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PART A - Hardware
2. The CPU
PART B - Software
10. Input and output
This guide is written for a wide range of pre-degree courses in Microelectronic Systems. The contents have been carefully matched to current [late 1990s] UK syllabuses at Level 3, but the topics covered, depth of coverage, and student activities have been designed so that the resulting guide will be a student-focused text suitable for the majority of courses at pre-degree level around the world. The only prior knowledge assumed is basic math and science.
The UK courses covered by this text are:
• Advanced GNVQ Units in Microelectronic Systems from Edexcel
• BTEC National units in Microprocessor systems, Micro Electronic Systems, and Software Design Methods.
Essential theory is provided here but the guide is strongly practical in its approach, encouraging students to assemble and test real microelectronic systems in the laboratory. The examination syllabuses do not specify which processors and which programming languages the student should cover. The suppliers' catalogues list several hundred microprocessors and microcontrollers and any one or more of these could be selected as a subject for study. There is likewise a variety of languages or versions of languages that may be used to program them.
To keep the size of the guide within reasonable bounds, the guide looks at the Zilog Z80 as a typical microprocessor, and at the Atmel AT90S1200 as a typical microcontroller. Both of these are readily available from the major suppliers such as Farnell, RS Components and Maplin, as well as from several of the smaller firms. Other processors are mentioned where they show interesting differences from these two types. With regard to languages, the guide concentrates on assembler (for the Atmel controller), BASIC and PBASIC (for the Stamp). Other languages are described, including C.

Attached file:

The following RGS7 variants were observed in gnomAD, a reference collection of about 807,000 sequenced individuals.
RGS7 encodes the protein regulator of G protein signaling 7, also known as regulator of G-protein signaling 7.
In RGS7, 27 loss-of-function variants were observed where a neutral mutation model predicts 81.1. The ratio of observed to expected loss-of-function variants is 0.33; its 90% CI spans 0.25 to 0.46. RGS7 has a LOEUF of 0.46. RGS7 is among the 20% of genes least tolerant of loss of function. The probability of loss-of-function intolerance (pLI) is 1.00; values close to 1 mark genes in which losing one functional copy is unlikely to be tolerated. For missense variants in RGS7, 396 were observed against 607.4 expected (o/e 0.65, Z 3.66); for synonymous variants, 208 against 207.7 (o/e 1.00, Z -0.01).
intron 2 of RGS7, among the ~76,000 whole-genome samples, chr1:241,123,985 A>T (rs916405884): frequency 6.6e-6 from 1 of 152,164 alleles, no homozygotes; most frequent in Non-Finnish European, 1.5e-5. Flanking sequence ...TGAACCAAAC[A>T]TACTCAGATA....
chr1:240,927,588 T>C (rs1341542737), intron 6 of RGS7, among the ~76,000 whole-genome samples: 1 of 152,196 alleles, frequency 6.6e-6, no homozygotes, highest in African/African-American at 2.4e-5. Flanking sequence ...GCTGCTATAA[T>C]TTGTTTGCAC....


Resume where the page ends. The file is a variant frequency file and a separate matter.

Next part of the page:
The descriptions of these processors and languages are intended to exemplify processors and languages in general. They are aimed at giving the student a wide view of the topic, but it is not expected that students will center their studies on these particular processors or languages. In keeping with the syllabuses, the guide leaves the student with an unrestricted choice of devices, prototyping systems and programming languages.
The guide is a study guide, suitable for class use and also for self instruction. The main text is backed up by boxed-off discussions and summaries, which the student may read or ignore, as appropriate.
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Updated: Thursday, May 18, 2017 10:08 PST